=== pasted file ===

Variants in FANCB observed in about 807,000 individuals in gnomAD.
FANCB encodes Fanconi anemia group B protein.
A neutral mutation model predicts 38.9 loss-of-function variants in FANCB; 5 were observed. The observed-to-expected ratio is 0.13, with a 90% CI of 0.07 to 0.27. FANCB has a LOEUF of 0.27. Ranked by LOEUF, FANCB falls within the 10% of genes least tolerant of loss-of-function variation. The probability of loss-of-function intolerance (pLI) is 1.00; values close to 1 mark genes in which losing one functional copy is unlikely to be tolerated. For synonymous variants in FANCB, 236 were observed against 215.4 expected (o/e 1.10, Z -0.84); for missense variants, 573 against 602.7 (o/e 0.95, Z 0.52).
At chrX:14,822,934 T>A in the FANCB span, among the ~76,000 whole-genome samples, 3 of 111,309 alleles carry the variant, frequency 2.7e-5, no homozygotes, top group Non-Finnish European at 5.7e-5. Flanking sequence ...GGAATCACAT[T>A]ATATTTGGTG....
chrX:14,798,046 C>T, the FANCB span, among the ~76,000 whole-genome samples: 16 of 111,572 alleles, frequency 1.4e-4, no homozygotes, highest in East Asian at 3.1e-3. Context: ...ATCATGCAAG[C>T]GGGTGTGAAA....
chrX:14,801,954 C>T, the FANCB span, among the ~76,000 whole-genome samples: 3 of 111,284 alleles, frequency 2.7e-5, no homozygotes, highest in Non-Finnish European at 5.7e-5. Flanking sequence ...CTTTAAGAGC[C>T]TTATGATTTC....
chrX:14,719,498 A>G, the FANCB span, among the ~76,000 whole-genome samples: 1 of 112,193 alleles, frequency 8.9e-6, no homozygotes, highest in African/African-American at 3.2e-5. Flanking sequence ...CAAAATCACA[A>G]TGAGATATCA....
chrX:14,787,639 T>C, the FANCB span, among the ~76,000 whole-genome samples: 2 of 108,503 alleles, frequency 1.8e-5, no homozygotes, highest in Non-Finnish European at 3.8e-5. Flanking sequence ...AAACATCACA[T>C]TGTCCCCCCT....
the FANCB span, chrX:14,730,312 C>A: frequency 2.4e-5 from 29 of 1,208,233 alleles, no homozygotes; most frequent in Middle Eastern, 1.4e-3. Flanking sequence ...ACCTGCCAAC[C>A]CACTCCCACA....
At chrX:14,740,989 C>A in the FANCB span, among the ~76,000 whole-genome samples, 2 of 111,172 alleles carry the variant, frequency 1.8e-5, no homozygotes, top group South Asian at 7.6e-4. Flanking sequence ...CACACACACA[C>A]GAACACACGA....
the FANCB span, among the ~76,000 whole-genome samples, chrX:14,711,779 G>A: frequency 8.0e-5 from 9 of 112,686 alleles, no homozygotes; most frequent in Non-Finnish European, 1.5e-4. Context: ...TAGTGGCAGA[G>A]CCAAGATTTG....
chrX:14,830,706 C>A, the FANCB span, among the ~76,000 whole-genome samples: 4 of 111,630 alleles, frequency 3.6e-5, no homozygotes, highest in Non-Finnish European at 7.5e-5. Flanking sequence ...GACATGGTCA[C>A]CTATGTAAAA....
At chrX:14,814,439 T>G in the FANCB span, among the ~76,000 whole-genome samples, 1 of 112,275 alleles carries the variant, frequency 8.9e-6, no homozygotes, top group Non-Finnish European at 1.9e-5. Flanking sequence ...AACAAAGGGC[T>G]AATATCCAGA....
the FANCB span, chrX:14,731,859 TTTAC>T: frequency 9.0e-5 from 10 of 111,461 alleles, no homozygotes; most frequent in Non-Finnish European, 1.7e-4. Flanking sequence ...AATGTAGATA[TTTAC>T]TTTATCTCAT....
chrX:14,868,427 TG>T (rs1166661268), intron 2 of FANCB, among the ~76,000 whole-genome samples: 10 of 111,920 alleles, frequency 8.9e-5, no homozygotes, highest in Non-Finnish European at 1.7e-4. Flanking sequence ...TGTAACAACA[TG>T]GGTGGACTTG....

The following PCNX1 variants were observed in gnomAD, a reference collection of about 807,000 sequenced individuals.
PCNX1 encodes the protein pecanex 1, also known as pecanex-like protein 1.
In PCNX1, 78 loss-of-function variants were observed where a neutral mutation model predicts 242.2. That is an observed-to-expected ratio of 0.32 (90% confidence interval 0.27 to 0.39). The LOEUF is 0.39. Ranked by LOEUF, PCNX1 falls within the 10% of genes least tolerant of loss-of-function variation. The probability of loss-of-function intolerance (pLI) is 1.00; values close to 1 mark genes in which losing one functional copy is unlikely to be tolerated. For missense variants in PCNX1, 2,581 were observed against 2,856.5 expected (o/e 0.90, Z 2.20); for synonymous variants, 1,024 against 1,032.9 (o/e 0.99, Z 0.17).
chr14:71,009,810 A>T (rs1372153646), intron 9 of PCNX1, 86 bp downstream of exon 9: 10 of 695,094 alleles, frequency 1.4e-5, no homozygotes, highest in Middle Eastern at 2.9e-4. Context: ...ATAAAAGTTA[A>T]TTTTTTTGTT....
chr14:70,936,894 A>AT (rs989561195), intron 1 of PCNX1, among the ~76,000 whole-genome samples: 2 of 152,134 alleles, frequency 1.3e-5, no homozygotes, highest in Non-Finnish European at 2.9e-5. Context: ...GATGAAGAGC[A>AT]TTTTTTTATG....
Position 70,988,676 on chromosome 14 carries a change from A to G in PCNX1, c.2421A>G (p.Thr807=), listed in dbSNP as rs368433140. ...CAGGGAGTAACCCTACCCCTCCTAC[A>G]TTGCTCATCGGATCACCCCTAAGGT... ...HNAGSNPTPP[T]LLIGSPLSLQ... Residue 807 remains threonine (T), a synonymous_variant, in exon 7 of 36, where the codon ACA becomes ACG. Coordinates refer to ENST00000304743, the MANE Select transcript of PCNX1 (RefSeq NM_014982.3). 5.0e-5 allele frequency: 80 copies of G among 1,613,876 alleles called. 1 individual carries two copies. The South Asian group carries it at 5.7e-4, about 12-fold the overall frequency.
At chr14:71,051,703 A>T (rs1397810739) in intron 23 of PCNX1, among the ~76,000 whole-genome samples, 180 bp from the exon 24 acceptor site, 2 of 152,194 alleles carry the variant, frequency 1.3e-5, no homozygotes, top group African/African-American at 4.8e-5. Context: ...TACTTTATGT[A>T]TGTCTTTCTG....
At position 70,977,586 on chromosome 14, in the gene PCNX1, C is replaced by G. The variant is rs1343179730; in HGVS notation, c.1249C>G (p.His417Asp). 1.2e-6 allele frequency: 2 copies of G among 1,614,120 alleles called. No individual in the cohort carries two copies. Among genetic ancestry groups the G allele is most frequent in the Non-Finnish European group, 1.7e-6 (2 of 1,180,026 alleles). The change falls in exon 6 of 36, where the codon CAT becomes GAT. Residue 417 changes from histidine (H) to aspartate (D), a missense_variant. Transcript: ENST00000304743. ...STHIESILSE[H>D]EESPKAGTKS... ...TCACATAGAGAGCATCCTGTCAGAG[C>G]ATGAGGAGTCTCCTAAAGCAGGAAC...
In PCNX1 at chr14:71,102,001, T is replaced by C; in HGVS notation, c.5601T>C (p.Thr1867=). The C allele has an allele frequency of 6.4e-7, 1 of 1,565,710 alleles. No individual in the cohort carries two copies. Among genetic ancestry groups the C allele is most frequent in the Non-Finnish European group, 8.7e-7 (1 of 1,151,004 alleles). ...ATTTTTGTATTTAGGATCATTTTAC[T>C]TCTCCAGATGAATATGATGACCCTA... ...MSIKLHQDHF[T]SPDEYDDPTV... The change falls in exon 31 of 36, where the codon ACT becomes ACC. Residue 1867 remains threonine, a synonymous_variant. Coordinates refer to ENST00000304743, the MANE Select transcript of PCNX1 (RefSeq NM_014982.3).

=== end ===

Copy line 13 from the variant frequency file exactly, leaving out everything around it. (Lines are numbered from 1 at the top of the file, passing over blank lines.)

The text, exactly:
At chrX:14,814,439 T>G in the FANCB span, among the ~76,000 whole-genome samples, 1 of 112,275 alleles carries the variant, frequency 8.9e-6, no homozygotes, top group Non-Finnish European at 1.9e-5. Flanking sequence ...AACAAAGGGC[T>G]AATATCCAGA....